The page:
Don’t, please, look too carefully at the framed photo I have sitting on a small table in my home office. It’s me and my next two siblings – a shot taken about 55 years ago. We were on family vacation (always a fascinating adventure!) and are wading in some body of water in our (baggy) swim suits. We are three of the skinniest kids you’ve ever laid eyes on. Not quite to the point of malnourishment, but it’s obvious these three were unacquainted with the kind of abundance that apparently can lead to childhood obesity. The fact is, “seconds” were a rarity at our dinner table.
I mention this to guard against the temptation to harshness in my assessment of the complaint laid at the feet of Moses by the rabble he led out of Egypt into the Sinai wilderness. “We had it so good, Moses! Why, oh why, have you led us out here??”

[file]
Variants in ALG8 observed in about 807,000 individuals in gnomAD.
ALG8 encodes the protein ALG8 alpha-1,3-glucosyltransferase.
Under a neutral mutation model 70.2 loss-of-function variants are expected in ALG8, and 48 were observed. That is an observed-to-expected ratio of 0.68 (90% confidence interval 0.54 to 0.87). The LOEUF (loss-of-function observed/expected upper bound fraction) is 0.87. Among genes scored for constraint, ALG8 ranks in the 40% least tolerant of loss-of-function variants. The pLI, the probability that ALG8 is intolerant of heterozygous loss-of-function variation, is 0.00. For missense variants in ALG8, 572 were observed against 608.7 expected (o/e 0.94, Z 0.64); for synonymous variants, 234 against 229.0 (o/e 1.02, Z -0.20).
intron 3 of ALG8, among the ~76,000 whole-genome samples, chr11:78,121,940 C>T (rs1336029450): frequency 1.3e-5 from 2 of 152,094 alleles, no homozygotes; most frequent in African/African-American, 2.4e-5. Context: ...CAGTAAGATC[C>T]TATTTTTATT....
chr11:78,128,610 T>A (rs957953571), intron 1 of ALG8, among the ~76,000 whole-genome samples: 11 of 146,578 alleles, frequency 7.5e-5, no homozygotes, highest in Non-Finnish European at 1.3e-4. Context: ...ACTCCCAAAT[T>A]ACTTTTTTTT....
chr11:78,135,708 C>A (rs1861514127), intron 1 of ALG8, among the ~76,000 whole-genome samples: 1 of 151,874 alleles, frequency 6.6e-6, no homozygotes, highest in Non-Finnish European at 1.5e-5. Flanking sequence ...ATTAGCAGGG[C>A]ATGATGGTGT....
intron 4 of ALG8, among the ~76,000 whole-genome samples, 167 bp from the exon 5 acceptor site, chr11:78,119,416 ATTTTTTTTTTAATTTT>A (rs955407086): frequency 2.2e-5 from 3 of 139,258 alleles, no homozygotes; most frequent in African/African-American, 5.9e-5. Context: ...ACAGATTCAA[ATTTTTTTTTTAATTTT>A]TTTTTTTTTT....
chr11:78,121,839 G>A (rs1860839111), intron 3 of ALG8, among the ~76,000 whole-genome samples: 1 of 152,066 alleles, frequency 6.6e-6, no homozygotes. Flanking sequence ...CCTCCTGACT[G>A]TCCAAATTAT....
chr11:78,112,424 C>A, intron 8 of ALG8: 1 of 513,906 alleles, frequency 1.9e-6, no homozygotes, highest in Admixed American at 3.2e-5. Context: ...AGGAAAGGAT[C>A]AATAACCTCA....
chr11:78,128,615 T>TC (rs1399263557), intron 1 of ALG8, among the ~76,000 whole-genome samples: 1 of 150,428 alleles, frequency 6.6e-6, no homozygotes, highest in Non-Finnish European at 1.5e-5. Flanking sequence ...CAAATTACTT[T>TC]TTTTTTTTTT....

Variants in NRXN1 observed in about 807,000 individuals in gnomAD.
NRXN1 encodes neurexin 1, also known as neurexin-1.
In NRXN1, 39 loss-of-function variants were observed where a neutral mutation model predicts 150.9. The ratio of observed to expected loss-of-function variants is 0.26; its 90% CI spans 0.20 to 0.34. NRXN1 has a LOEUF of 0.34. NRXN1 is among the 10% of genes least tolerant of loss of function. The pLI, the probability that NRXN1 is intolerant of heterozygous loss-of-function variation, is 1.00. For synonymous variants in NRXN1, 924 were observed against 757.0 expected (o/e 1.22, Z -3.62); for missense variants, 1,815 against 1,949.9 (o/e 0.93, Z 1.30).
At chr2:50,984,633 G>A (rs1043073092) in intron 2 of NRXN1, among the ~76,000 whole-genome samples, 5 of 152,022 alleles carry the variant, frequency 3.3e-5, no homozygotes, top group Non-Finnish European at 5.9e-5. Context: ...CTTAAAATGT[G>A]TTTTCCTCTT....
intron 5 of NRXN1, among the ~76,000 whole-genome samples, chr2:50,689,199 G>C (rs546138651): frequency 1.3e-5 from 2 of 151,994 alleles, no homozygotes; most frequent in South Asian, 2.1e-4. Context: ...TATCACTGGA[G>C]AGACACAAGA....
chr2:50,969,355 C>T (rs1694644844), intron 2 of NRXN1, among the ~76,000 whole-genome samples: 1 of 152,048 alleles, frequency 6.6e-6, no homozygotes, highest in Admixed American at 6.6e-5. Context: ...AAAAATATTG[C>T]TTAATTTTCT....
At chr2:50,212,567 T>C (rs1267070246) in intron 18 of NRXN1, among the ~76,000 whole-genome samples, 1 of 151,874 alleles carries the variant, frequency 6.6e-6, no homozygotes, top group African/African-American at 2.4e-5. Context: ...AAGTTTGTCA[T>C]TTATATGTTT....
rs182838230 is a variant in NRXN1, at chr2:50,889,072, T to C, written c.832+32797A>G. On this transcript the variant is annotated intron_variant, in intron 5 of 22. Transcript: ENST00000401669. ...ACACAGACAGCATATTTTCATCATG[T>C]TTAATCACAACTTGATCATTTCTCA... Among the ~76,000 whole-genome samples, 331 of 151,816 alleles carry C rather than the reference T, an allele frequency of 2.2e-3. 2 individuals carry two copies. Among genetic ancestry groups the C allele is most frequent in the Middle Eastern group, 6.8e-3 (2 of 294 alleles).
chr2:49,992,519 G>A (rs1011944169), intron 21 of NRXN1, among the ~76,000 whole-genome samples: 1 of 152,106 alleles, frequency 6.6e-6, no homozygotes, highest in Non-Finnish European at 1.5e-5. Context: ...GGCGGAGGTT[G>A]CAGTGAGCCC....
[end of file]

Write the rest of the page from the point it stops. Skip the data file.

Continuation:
Why? Well…. there may have been fish, cucumbers and leeks…. but for goodness sakes…. you were enslaved back in good old Egypt!!!
Nostalgia may be a pleasant anesthesia but it is destructive of adaptive growth. Here’s something we know without doubt: Things change.
I received a note from the chair of the Tri-Conference UCC Board earlier today – “Make sure the agenda for thus fall’s Annual Meeting of the Iowa Conference includes a vote on a call to the new conference minister.”
Wait a minute? A new conference minister? We already have a conference minister!
Ah…. things change!
The fact is, by this time next year the old conference minister will be nothing more than a flickering memory. “Wasn’t he that guy that screwed up……??”
Leaders DO matter, but only as means to important ends. Community life isn’t about leadership – community life is about meaning and service and justice and hope and reconciliation. Leaders – if they do well – help us get there, but it’s never about them.… it’s about the mission.